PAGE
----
ACKNOWLEDGEMENTS

I am actually short of words on where to start. Probably the vantage position is to utter the word, GOD I THANK YOU. Thank you for the courage you gave me when I wanted to give up, thank you for providing the finances to pull through. Thank you for the health to do the running around. Thank you for turning my foolishness into wisdom. Finally, thank you for my life in general.

My appreciation starts with my only supervisor, Professor E. Olawale Ogunkola. I don’t even know whether I should call him my supervisor or my elder brother. This is because, to many people they think we resemble. To me I resemble him in character. Even though he is a no nonsense person, he has a large heart full of gold. For the mentorship, for the academic guidance, the corrections, the criticisms, the advices and the troubles, he will remain indelible to my life. As a matter of fact, Professor Ogunkola taught me what itätakes to persevere, endure and be humble. Those lessons of life will never be forgotten. To him I am eternally grateful and hope for a continuous working relationship with him in the nearest future. I also wish him also long life, prosperity and good health.

My co-supervisors deserve their accolades too. From proposal stage to the conversion stage and finally to post-field stage, Dr Adewuyi was there for me. Dr Adewuyi was too thorough for my liking. There is nothing like minor mistakes in his supervision. He will not gloss over it unless those mistakes are corrected. From him, I am prepared to face the world in the field of Economics. Next was Prof. Bankole who came late to join the team. It is on record that within the space of two weeks, He finished reading my work and made valuable corrections that made this final write up a better work. I say may Allah reward you sir.

Next in line of appreciation is the Head of Department, Prof. (Mrs) Kassey Garba. A mother to all the students in the department. Always attentive to students’ problems and equally ready to assist where necessary. May God bless you abundantly. To other members of staff in the department of Economics, I appreciate all of you. From Professors Akin Iwayemi, Ademola Ariyo, Felix Egwaikhide, Adeola Adenikinju, Remi Ogun and Lanre Olaniyan, I say thank you to all of you. The Doctors in the department are not left out. Doctors Fidelis Ogwumike, Alabi Oyeranti, Alarudeen Aminu, Lawanson, Biodun Folawewo, Bimbola Oyinlola, Tosin Adeniyi, Adetunji Babatunde and Babajide Fowowe. I am elated being under your tutelage. Other administrative staff in the department are not left out. The former secretary in the department, Late Mrs Paulina Okebugwu, the department Itätechnocrat, Dr (Mrs) Ojebode, Mr Tunde all contributed in one way or the other to the success of this programme.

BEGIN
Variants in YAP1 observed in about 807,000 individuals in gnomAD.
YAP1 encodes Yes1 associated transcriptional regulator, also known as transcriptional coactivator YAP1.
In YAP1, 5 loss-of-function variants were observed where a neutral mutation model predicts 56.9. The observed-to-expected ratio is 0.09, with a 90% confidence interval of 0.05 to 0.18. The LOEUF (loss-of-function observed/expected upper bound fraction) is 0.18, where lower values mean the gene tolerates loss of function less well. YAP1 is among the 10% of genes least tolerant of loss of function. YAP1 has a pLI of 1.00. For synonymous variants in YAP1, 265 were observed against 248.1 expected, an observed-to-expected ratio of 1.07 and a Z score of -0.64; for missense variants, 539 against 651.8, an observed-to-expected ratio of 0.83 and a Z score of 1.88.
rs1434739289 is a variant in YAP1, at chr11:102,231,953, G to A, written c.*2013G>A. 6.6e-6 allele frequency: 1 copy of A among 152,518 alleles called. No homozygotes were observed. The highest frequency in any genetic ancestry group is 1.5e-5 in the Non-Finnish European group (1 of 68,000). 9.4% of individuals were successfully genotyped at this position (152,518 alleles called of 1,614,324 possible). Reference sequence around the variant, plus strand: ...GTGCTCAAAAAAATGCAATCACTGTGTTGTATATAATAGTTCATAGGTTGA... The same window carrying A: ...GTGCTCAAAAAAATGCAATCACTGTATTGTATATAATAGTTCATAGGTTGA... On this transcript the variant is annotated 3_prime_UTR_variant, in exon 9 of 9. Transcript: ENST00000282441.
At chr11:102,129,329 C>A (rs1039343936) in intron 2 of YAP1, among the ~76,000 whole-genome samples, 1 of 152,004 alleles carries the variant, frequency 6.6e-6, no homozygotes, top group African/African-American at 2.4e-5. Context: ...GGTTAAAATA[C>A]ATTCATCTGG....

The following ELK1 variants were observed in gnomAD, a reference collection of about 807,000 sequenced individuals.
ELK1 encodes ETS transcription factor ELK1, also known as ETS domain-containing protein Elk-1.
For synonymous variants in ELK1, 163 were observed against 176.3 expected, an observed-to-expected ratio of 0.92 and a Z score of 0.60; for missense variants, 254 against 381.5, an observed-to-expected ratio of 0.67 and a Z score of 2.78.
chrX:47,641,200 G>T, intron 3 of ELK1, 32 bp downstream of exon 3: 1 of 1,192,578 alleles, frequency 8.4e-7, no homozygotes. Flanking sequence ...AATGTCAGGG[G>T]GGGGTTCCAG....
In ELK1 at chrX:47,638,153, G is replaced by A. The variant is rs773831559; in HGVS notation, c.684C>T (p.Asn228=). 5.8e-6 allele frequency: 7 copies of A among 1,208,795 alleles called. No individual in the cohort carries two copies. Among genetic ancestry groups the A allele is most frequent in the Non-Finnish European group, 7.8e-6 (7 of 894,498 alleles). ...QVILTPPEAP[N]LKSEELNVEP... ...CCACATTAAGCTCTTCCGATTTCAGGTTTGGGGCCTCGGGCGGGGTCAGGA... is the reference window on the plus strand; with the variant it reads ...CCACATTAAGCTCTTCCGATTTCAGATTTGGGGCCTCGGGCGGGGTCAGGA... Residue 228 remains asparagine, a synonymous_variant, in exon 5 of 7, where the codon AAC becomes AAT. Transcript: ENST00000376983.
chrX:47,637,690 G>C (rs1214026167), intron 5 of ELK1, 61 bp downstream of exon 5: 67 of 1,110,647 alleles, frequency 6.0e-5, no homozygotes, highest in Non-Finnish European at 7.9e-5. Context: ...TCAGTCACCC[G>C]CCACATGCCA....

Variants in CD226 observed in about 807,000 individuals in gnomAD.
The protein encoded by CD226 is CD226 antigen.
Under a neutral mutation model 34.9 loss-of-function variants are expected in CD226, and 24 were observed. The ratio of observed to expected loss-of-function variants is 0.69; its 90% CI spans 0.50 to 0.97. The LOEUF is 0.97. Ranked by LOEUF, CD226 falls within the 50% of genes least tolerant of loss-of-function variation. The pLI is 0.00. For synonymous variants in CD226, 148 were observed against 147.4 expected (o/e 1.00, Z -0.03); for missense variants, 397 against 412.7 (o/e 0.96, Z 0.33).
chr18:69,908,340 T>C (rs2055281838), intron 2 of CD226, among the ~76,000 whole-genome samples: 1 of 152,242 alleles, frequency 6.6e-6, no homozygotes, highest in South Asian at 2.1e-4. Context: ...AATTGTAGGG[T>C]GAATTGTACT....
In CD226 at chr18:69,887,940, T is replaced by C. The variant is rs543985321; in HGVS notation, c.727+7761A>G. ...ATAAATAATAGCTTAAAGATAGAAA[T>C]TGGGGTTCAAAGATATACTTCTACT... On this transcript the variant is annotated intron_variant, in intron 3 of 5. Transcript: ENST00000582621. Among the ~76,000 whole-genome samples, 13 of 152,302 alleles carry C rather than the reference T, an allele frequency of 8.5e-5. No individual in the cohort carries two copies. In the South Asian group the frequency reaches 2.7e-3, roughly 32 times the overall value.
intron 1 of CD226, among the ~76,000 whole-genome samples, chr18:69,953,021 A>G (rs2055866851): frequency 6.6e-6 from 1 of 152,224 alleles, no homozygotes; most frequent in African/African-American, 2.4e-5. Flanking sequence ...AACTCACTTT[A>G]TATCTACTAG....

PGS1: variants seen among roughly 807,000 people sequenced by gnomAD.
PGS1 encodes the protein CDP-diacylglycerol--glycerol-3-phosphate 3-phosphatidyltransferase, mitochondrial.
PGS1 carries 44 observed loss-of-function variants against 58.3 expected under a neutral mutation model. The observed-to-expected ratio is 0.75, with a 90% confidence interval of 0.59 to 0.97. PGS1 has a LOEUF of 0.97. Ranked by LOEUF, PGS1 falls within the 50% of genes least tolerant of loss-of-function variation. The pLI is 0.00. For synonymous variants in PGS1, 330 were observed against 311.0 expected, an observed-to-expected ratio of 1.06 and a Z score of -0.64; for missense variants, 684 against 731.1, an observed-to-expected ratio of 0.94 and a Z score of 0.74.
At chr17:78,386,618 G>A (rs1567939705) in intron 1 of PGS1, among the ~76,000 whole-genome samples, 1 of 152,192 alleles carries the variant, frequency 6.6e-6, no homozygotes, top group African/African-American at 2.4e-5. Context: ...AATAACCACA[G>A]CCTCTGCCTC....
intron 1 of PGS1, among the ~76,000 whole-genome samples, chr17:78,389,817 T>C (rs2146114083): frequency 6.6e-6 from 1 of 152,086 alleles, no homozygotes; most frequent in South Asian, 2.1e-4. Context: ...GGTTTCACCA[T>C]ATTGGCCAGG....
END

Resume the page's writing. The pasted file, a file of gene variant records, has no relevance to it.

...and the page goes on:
I cannot forget Daniel Obiri, a colleague of mine who resumed the same day with me in November 2006 at Bowen University, Iwo. He actually paid for my Ph.D form back then. Though we have lost contact, I can never forgetäthe kind gesture he did to me. Forever, he will remain part of my history. Next is former Miss Wunmi Ayeni, who hinted me that I was about losing out in the admission process on account of non-submission of my referees report. That singular information bailed me out. To her, I remain grateful. I shouldn’t fail in recognizing the impact of the management of Bowen University, for providing fund for my first year in 2007. I pray God to continue to prosper the University from glory to glory. I also acknowledge the contributions of my colleagues in Bowen University namely; Doctors Adenikinju (Mrs), Egbuwalo, Ogunleye, Chris Okhulegbe and Aremu (of blessed memory). Also Messers Abere, Adeoye, Adeleke, Adebayo, Olowoseunre and Owoeye. I appreciate the friendship exhibited during my stay in Bowen University. I must specifically emphasis the contribution of Dr Egbuwalo and Mr Olowoseunre during my little travail in Bowen University. May God meet you people atäthe hour of your needs. Of special recognition is Dr Mrs Patricia Ajayi, the third leg of the three musketeers in Bowen then. I think I can now pick her calls for thinking I am not serious with the programme. Lastly I can’t forgetäthe fatherly role Kabiyesi Onisotun of Isotun, Professor Akinola Owosekun, who so much believed in my ability as a staff under him. To ever vibrant Professor J. O. Fabayo who taught me back in 1990 and still met me as a senior colleague in Bowen University. For being proud of me as one of his ambassadors in the field of Mathematical and Micro Economics, I remain grateful. I should also remember Professors M. A. Iyoha, Prof.(Mrs) C. E. Okojie, Prof (Mrs) Ada Anyiwe and Dr.Ekanem, all from University of Benin for their impact in my life.